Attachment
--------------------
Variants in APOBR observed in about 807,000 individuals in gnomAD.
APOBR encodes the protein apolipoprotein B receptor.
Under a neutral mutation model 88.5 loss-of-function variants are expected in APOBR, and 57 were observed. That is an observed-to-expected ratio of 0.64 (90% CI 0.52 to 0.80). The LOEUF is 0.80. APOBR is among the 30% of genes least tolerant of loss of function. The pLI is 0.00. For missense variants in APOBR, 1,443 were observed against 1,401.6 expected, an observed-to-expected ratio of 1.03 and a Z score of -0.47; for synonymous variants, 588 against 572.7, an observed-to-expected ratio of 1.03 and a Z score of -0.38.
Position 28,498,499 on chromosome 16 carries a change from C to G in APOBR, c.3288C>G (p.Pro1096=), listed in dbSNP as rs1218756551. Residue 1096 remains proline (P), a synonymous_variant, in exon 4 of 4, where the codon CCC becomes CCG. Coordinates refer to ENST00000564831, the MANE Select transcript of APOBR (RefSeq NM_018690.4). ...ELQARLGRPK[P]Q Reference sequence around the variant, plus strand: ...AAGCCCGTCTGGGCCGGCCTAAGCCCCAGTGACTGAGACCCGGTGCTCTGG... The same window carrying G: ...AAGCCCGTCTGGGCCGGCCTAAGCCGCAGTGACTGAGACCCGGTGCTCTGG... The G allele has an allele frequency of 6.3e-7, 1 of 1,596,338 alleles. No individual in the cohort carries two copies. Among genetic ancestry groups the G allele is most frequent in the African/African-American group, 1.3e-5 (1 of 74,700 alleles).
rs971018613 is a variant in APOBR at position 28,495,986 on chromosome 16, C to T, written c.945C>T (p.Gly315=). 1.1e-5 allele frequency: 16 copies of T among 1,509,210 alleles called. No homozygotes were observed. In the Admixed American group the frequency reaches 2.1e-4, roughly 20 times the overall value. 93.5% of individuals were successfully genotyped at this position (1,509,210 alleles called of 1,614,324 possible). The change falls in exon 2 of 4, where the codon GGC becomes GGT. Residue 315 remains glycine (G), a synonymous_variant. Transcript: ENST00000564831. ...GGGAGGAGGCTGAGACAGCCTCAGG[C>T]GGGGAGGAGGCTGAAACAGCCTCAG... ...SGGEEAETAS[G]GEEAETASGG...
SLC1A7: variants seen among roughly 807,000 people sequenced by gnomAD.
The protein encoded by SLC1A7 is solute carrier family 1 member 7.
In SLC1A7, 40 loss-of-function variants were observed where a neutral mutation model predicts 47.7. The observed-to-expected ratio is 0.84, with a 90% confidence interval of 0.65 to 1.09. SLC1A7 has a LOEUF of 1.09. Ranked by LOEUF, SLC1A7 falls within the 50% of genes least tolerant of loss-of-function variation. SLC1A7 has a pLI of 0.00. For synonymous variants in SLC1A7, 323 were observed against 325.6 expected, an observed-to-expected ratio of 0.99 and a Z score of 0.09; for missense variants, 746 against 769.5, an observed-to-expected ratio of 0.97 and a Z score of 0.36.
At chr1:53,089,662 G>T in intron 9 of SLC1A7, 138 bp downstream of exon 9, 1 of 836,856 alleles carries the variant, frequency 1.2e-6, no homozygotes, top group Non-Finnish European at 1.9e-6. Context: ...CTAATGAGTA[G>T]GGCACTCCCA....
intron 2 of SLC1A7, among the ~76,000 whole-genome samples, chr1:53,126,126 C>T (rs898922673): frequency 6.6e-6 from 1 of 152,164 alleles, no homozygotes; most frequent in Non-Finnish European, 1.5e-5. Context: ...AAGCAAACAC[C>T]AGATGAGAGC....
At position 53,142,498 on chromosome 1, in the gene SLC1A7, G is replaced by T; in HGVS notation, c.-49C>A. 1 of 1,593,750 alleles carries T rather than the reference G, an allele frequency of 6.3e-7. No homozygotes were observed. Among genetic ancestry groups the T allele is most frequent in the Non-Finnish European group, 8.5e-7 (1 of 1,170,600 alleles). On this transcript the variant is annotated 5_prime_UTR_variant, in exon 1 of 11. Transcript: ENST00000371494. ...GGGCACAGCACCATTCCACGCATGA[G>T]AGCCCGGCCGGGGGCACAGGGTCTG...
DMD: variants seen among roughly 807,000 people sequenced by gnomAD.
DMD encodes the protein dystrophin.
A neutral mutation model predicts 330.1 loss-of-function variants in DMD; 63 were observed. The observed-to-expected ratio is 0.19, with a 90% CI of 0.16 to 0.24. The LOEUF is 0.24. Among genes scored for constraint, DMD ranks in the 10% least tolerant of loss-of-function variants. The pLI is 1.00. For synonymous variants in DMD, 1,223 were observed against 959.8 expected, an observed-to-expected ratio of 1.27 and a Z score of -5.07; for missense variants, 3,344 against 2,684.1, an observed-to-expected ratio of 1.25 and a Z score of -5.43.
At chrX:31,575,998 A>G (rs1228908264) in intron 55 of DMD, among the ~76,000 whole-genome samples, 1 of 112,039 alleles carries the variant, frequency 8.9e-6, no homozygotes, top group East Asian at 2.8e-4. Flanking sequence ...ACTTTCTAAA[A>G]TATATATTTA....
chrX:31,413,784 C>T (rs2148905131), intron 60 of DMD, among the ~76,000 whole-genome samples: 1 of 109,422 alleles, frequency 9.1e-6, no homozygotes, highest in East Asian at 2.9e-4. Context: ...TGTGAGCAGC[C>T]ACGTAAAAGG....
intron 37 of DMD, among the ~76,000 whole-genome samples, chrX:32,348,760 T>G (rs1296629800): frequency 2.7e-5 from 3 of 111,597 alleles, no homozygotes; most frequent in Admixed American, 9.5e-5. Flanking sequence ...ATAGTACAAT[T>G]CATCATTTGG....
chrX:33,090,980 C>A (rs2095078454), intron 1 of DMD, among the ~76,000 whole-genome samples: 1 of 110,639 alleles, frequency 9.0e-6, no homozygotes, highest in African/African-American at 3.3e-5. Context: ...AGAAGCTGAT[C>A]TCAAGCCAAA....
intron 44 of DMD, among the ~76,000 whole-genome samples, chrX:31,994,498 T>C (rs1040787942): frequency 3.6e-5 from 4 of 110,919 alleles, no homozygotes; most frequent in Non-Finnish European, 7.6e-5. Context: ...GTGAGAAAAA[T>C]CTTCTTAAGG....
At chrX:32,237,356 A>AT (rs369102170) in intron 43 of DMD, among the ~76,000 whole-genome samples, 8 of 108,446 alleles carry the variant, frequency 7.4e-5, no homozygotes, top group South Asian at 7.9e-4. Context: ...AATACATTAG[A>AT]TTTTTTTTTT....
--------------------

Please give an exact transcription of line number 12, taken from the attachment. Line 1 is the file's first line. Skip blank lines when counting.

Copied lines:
DMD: variants seen among roughly 807,000 people sequenced by gnomAD.